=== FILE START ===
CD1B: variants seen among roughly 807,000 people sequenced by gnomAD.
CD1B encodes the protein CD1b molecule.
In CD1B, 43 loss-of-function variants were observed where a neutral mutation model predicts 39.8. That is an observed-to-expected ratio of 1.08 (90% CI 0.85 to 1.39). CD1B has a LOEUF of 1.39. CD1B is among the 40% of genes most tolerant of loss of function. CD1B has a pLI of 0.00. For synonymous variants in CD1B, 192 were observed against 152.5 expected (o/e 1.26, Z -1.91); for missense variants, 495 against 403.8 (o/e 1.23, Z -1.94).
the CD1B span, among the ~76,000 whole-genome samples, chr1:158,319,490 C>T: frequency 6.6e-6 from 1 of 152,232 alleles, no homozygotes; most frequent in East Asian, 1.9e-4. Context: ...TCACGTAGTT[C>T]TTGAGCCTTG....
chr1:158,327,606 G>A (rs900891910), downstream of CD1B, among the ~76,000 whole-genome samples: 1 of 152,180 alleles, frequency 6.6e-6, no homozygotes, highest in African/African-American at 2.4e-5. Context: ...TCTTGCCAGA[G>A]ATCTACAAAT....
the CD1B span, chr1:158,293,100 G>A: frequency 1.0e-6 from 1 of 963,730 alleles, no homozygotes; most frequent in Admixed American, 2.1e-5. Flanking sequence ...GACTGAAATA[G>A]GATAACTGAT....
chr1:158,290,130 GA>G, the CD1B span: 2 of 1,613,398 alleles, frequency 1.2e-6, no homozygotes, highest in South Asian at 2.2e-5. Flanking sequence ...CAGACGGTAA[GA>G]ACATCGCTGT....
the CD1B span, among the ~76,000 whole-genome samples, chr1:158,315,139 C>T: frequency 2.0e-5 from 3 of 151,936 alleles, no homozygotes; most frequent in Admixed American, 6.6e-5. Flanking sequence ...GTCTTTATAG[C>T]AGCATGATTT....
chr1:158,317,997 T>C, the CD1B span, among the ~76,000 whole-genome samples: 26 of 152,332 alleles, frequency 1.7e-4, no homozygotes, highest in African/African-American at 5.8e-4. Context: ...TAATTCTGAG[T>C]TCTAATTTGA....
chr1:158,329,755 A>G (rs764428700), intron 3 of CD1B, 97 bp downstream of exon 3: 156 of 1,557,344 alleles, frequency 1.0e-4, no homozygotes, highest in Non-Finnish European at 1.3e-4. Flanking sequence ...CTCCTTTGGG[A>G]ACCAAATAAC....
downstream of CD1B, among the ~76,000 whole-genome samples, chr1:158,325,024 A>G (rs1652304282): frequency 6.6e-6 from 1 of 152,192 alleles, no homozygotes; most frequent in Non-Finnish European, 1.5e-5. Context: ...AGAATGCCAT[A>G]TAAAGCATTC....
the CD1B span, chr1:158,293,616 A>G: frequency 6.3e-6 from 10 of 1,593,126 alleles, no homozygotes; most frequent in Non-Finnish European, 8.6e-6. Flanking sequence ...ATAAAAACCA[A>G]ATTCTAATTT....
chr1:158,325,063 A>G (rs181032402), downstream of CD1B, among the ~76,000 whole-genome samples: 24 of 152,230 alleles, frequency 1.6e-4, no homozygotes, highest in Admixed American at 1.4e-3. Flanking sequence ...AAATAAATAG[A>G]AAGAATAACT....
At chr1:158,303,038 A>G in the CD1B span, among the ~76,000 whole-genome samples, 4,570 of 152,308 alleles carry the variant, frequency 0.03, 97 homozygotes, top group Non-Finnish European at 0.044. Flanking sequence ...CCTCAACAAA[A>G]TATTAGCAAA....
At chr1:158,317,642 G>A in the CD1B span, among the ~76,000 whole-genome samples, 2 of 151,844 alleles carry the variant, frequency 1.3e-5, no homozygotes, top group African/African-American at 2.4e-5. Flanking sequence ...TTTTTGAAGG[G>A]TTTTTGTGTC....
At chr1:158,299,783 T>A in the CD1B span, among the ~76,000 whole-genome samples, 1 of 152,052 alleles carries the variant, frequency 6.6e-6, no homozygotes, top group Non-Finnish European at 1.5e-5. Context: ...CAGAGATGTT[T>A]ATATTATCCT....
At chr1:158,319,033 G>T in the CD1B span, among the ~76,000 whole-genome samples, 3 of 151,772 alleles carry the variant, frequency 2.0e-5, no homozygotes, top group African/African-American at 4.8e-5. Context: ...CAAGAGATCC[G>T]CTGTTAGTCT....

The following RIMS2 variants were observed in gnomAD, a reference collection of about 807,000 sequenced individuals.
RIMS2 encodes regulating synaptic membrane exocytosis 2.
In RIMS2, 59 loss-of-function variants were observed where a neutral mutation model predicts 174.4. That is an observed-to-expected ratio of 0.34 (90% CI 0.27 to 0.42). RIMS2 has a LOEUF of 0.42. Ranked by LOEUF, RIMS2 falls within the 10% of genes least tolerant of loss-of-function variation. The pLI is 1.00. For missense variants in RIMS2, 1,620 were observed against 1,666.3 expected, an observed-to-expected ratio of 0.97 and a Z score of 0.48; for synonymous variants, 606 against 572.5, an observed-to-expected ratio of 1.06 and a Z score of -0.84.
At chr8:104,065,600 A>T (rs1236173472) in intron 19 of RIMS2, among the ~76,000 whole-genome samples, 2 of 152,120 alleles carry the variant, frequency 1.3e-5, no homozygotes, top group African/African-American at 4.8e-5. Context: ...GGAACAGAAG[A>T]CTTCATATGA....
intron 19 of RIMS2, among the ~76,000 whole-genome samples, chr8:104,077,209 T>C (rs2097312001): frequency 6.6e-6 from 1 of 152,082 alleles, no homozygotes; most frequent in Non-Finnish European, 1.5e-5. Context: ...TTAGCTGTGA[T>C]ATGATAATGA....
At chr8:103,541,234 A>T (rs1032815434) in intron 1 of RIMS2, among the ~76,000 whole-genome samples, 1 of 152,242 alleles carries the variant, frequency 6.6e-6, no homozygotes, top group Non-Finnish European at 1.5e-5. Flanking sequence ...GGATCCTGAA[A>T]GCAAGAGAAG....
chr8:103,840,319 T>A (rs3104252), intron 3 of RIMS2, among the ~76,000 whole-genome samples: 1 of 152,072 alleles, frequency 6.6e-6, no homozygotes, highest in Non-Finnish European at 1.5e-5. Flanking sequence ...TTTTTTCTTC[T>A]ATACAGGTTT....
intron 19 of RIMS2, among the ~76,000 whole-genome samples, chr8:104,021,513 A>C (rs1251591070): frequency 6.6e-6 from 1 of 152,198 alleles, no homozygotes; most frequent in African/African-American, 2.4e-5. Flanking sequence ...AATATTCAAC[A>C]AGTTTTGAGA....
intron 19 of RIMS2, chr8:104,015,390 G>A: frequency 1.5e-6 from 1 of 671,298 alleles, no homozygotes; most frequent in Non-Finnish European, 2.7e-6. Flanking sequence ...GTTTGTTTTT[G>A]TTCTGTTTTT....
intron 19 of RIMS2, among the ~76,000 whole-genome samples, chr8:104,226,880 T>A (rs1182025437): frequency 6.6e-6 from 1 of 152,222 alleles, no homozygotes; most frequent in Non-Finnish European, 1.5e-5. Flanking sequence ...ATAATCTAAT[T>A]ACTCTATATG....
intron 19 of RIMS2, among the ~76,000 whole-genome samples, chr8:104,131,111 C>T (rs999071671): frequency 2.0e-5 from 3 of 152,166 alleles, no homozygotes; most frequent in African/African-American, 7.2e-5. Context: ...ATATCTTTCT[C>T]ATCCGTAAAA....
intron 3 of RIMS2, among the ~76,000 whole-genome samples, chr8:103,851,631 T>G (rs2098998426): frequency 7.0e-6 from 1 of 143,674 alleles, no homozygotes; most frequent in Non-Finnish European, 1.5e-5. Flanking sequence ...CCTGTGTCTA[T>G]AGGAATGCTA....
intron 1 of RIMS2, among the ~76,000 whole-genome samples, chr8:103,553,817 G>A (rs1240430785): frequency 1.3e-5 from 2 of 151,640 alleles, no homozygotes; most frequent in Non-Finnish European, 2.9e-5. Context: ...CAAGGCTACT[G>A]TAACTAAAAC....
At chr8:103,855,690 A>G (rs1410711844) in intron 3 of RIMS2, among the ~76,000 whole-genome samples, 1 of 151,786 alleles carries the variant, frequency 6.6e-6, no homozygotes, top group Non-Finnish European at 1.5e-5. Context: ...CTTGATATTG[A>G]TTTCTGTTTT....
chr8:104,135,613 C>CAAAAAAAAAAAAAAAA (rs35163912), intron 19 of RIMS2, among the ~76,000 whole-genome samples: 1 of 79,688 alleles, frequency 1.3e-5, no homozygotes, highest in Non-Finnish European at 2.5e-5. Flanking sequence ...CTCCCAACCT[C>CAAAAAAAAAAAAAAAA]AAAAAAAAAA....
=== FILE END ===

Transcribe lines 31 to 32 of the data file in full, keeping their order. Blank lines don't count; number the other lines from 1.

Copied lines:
At chr8:103,855,690 A>G (rs1410711844) in intron 3 of RIMS2, among the ~76,000 whole-genome samples, 1 of 151,786 alleles carries the variant, frequency 6.6e-6, no homozygotes, top group Non-Finnish European at 1.5e-5. Context: ...CTTGATATTG[A>G]TTTCTGTTTT....
chr8:104,135,613 C>CAAAAAAAAAAAAAAAA (rs35163912), intron 19 of RIMS2, among the ~76,000 whole-genome samples: 1 of 79,688 alleles, frequency 1.3e-5, no homozygotes, highest in Non-Finnish European at 2.5e-5. Flanking sequence ...CTCCCAACCT[C>CAAAAAAAAAAAAAAAA]AAAAAAAAAA....